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Büro-cracy

May 21, 2009

I’m not exactly sure if this blog serves any purpose beyond keeping friends and family informed of what I’m doing here in Germany, but just in case it is ever passed along to anyone crazy enough to do something like move to Europe on a whim, I’ve go some immigration/staying-for-longer-than-three-months advice for these hypothetical readers.  Get ready, you can only lace boring information with so much wit:

  1. Go to the embassy of whatever country you are intending to spend a bunch of time in (we’ll use Germany as an example here) before you go.  You can come for three months without any previous applications etc, but you may qualify for some sort of visa in the US.  And it all changes when you get to the country – you can no longer apply for visas, you have to apply for a residence card.  But the embassy may at least have some good advice.  And good advice about visas usually includes big words that are much easier to understand in a language you actually speak.
  2. If you don’t do that, or it doesn’t help, once you’re in the country find out if there is some faction of the government that gives advice to immigrants.  In Berlin it’s called the Auslånder Beauftragter.  They will use the above mentioned big words and you probably won’t understand and it will be really frustrating, but they will eventually tell you what your options are (or rather, you will eventually understand) and what documents you need to take to the Ausländerbehörde (immigration office) etc.  This saves you waiting in lines that put the DMV to shame only to find out from some poor staff member with no patience that you have all of the wrong pieces of paper and you have to come back again the next day, again, at 7 am.
  3. Enroll in a university.  I’m not exactly sure how this is done, but if you can figure out a way, I recommend it.  It is about a thousand times easier to stay here if you are some sort of student, even in a US university.  For instance, I have two internships, but I can’t get a visa for either of them because I’m not a student.  Also, if you come here just to learn German, you have to take a class that prepares you to enter a university here anyway, so they will assume you want to study even if you tell them you probably won’t.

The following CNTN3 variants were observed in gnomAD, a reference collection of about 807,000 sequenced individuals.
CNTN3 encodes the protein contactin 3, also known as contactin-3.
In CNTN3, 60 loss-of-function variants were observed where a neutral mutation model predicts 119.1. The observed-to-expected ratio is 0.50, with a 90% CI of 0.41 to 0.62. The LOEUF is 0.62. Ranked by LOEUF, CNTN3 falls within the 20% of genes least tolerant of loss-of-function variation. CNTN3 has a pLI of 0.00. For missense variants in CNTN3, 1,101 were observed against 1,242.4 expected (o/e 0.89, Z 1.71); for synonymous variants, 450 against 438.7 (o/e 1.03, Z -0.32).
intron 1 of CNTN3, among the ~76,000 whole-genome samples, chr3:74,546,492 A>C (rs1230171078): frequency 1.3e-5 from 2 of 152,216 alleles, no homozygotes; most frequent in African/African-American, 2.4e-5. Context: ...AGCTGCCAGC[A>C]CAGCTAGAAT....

4. Or they will recommend you get married.  So will everyone else.  Its not for everyone, but it does make it easier to stay.  My parents have forbidden me from getting married over here, but if you’re going to have two passports, a country in Europe and a US passports are probably the best two you could have.  Just saying.
  5. You can also go to Switzerland or somewhere out of the Shengen (its sort of like the EU but different – European politics are complicated) every few months, but its kind of frowned upon and I think doesn’t always work.  Some people swear by it, but I’ve found going through immigration in other countries a lot easier if you appear to be legal somewhere.
  6. Do not, under any conditions, wait until the week before you three month tourist visa is up before you start going to government offices.  Start asking around as soon as possible and make a plan – especially if you don’t have a job right away and have some free time.  Trust me.

The German word for office is Büro, and there is a reason it sounds like bureaucracy.  I survived, but barely.  At least I don’t have to worry about again until I hypothetically go to school here.

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2 comments

  1. good advice alex. haha


  2. I miss your posts! I don’t even know how you are in germany anymore- how did you survive? I’m assuming here that you did not marry an e.u. citizen.



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